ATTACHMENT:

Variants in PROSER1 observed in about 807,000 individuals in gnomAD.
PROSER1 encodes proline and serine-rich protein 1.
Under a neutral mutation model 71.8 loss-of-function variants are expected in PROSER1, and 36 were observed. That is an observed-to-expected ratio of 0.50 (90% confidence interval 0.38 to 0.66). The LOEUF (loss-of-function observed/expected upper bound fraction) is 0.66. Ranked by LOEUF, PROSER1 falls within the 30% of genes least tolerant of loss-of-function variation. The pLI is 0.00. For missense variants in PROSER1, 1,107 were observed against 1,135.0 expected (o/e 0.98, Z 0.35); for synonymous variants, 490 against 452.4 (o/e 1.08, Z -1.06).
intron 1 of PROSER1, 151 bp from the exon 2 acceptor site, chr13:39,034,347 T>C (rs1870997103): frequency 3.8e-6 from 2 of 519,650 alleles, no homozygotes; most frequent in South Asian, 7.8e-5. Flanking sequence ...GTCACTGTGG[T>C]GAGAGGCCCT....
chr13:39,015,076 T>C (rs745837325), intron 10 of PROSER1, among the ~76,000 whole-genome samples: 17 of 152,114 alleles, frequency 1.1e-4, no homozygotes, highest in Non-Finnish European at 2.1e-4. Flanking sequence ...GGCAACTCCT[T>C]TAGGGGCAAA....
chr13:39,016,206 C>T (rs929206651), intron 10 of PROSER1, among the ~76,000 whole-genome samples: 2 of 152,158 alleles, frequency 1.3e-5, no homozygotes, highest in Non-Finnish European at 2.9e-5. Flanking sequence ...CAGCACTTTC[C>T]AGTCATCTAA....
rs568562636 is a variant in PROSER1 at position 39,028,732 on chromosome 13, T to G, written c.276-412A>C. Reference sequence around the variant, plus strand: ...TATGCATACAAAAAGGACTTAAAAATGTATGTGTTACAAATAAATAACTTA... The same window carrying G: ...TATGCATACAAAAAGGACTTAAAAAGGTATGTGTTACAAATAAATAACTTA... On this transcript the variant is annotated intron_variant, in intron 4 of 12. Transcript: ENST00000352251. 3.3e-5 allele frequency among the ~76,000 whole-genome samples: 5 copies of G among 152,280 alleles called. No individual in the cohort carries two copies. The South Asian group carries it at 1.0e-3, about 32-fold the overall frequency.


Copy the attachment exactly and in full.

Variants in PROSER1 observed in about 807,000 individuals in gnomAD.
PROSER1 encodes proline and serine-rich protein 1.
Under a neutral mutation model 71.8 loss-of-function variants are expected in PROSER1, and 36 were observed. That is an observed-to-expected ratio of 0.50 (90% confidence interval 0.38 to 0.66). The LOEUF (loss-of-function observed/expected upper bound fraction) is 0.66. Ranked by LOEUF, PROSER1 falls within the 30% of genes least tolerant of loss-of-function variation. The pLI is 0.00. For missense variants in PROSER1, 1,107 were observed against 1,135.0 expected (o/e 0.98, Z 0.35); for synonymous variants, 490 against 452.4 (o/e 1.08, Z -1.06).
intron 1 of PROSER1, 151 bp from the exon 2 acceptor site, chr13:39,034,347 T>C (rs1870997103): frequency 3.8e-6 from 2 of 519,650 alleles, no homozygotes; most frequent in South Asian, 7.8e-5. Flanking sequence ...GTCACTGTGG[T>C]GAGAGGCCCT....
chr13:39,015,076 T>C (rs745837325), intron 10 of PROSER1, among the ~76,000 whole-genome samples: 17 of 152,114 alleles, frequency 1.1e-4, no homozygotes, highest in Non-Finnish European at 2.1e-4. Flanking sequence ...GGCAACTCCT[T>C]TAGGGGCAAA....
chr13:39,016,206 C>T (rs929206651), intron 10 of PROSER1, among the ~76,000 whole-genome samples: 2 of 152,158 alleles, frequency 1.3e-5, no homozygotes, highest in Non-Finnish European at 2.9e-5. Flanking sequence ...CAGCACTTTC[C>T]AGTCATCTAA....
rs568562636 is a variant in PROSER1 at position 39,028,732 on chromosome 13, T to G, written c.276-412A>C. Reference sequence around the variant, plus strand: ...TATGCATACAAAAAGGACTTAAAAATGTATGTGTTACAAATAAATAACTTA... The same window carrying G: ...TATGCATACAAAAAGGACTTAAAAAGGTATGTGTTACAAATAAATAACTTA... On this transcript the variant is annotated intron_variant, in intron 4 of 12. Transcript: ENST00000352251. 3.3e-5 allele frequency among the ~76,000 whole-genome samples: 5 copies of G among 152,280 alleles called. No individual in the cohort carries two copies. The South Asian group carries it at 1.0e-3, about 32-fold the overall frequency.